As we mention in our post on restaurant profit margins, quick-service restaurants tend to have profit margins between 10% and 17%, according to YCchart. Profit margins are even smaller for full-service restaurants (between 3% and 6%, according to Restaurant 365) due to factors like higher labor costs and slower turnover.
Given all these factors, why do people still choose to open restaurants? Well, most restaurateurs do it because they have a passion for food and for people, not because it’s a quick way to get rich.
While profit margins aren’t likely to skyrocket anytime soon, there are some tweaks you can make to your menu to help improve your bottom line. Streamlining your menu is especially important if you’re working with a reduced staff due to the pandemic but it can also boost profits. Here are a few ways to get started.
Updating your restaurant menu in response to current market conditions is another way to optimize for profits. For instance, to head off the uncertainty of the pandemic, many restaurants have doubled down on comfort foods such as chicken wings and mac and cheese, since these items have been in high demand.
Family-style and take-and-bake to-go meals have also been popular at many restaurants, especially when customers get tired of cooking at home. Entrees that serve two or more people can carry higher profit margins than two different, separate entrees. Items like breakfast burritos that travel well and don’t need to be consumed on the premises are another winner at many restaurants.
Clover POS reporting shows you your top sellers and your most profitable items. Sometimes the most profitable item may not be a bestseller, so it’s smart to consider both factors as you pare down your menu.
Let’s say your restaurant menu has eight appetizer options. Some of these appetizers are probably more popular than others, and some have higher profit margins than others. But your staff needs to be prepared to make any of the eight appetizers in case someone orders them. The less popular appetizer options could be costing you money, because you have to keep the ingredients on hand. When these appetizers don’t get ordered, those ingredients can eventually go to waste. When they do get ordered, it’s less efficient for your kitchen staff to make eight different appetizers instead of three or four appetizers at higher quantities.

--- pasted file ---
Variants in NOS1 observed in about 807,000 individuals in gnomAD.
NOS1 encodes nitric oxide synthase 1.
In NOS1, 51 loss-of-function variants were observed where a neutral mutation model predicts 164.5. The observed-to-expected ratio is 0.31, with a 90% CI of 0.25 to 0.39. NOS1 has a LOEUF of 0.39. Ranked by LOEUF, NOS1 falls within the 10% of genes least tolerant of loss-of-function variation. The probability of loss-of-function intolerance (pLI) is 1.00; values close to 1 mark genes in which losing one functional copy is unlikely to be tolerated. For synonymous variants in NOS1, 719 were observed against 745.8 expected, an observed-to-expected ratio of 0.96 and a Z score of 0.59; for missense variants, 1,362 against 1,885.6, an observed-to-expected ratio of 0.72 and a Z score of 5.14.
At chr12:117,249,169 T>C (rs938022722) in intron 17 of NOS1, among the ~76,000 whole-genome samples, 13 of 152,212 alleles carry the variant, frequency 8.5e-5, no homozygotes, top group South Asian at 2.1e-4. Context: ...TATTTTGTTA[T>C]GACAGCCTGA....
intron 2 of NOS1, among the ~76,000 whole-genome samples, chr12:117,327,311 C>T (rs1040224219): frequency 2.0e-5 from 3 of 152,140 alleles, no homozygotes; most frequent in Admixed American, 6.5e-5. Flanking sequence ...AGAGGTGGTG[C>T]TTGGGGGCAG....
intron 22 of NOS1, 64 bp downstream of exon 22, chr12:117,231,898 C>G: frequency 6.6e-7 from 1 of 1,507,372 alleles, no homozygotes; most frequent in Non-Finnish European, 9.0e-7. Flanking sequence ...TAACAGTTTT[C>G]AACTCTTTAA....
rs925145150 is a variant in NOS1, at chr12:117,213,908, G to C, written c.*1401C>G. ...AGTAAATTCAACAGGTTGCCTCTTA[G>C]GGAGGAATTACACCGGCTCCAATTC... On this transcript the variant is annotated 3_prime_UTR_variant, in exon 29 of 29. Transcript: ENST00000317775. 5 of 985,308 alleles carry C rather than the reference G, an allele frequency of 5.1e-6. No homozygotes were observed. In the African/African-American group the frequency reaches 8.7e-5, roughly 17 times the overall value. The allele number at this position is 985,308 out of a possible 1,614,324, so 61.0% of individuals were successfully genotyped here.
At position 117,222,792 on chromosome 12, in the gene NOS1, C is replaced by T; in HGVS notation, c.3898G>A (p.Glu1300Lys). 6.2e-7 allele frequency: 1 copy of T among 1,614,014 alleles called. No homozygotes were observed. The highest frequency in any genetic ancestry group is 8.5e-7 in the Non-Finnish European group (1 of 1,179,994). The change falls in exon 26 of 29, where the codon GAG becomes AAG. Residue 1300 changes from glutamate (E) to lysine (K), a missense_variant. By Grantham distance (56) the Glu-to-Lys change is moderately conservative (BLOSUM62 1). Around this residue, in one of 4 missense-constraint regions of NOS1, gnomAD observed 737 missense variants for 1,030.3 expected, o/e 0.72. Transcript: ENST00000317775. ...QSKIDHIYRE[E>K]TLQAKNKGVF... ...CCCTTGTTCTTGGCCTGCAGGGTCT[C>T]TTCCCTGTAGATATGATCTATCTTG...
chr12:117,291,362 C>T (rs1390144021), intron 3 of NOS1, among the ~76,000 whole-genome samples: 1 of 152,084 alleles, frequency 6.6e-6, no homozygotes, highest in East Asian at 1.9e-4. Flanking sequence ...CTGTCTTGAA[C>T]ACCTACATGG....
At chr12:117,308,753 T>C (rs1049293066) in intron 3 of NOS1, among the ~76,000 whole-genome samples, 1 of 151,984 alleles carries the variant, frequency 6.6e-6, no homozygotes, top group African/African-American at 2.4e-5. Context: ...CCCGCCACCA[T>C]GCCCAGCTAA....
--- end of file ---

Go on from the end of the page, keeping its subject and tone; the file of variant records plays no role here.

The reporting section of Clover can show you profit margins for each menu item and also identify your top sellers. The easiest items to remove could be those that aren’t profitable or popular. Few customers will miss those items—and they weren’t making you much money anyway. Next, look at what other items you can remove based on their popularity and profitability. Now that you know what menu items are most profitable, you can also highlight those items on the menu with a box and bold font to hopefully sell more.
As you optimize your restaurant menu, think also about what items require ingredients that are more readily available from suppliers. The supply chain issues we saw earlier in the pandemic are largely behind us, but you never know when weather or other factors could intervene. For instance, restaurants and grocery stores across Texas experienced unexpected shortages after a major winter storm swept across the state in February.
Clover POS’s integration with BigCommerce lets you update your inventory and order flows across online and offline channels, so that online customers only see the menu items that are still available. You can lose out on a sale if a customer’s go-to item isn’t available, so avoiding supply chain issues keeps you and your customers happy.